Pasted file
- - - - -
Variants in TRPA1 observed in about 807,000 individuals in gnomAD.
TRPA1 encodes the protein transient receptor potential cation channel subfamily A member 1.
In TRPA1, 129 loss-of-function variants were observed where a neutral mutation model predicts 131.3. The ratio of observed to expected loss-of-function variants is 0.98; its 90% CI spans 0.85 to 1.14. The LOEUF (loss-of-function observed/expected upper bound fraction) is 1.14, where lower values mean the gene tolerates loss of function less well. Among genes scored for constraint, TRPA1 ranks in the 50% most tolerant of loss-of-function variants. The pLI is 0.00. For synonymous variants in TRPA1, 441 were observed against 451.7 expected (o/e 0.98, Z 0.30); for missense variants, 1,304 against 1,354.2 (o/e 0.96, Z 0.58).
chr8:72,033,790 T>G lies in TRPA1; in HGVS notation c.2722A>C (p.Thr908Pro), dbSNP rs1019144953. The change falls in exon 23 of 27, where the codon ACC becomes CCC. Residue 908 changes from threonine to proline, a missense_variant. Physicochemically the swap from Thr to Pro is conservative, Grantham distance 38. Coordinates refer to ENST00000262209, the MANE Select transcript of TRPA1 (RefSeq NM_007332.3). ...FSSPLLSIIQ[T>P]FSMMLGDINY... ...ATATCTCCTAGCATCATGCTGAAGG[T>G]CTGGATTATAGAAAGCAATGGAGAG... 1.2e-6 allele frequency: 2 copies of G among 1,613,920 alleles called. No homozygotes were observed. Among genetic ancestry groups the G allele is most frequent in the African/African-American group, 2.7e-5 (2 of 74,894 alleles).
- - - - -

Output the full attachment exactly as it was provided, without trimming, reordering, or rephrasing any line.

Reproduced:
Variants in TRPA1 observed in about 807,000 individuals in gnomAD.
TRPA1 encodes the protein transient receptor potential cation channel subfamily A member 1.
In TRPA1, 129 loss-of-function variants were observed where a neutral mutation model predicts 131.3. The ratio of observed to expected loss-of-function variants is 0.98; its 90% CI spans 0.85 to 1.14. The LOEUF (loss-of-function observed/expected upper bound fraction) is 1.14, where lower values mean the gene tolerates loss of function less well. Among genes scored for constraint, TRPA1 ranks in the 50% most tolerant of loss-of-function variants. The pLI is 0.00. For synonymous variants in TRPA1, 441 were observed against 451.7 expected (o/e 0.98, Z 0.30); for missense variants, 1,304 against 1,354.2 (o/e 0.96, Z 0.58).
chr8:72,033,790 T>G lies in TRPA1; in HGVS notation c.2722A>C (p.Thr908Pro), dbSNP rs1019144953. The change falls in exon 23 of 27, where the codon ACC becomes CCC. Residue 908 changes from threonine to proline, a missense_variant. Physicochemically the swap from Thr to Pro is conservative, Grantham distance 38. Coordinates refer to ENST00000262209, the MANE Select transcript of TRPA1 (RefSeq NM_007332.3). ...FSSPLLSIIQ[T>P]FSMMLGDINY... ...ATATCTCCTAGCATCATGCTGAAGG[T>G]CTGGATTATAGAAAGCAATGGAGAG... 1.2e-6 allele frequency: 2 copies of G among 1,613,920 alleles called. No homozygotes were observed. Among genetic ancestry groups the G allele is most frequent in the African/African-American group, 2.7e-5 (2 of 74,894 alleles).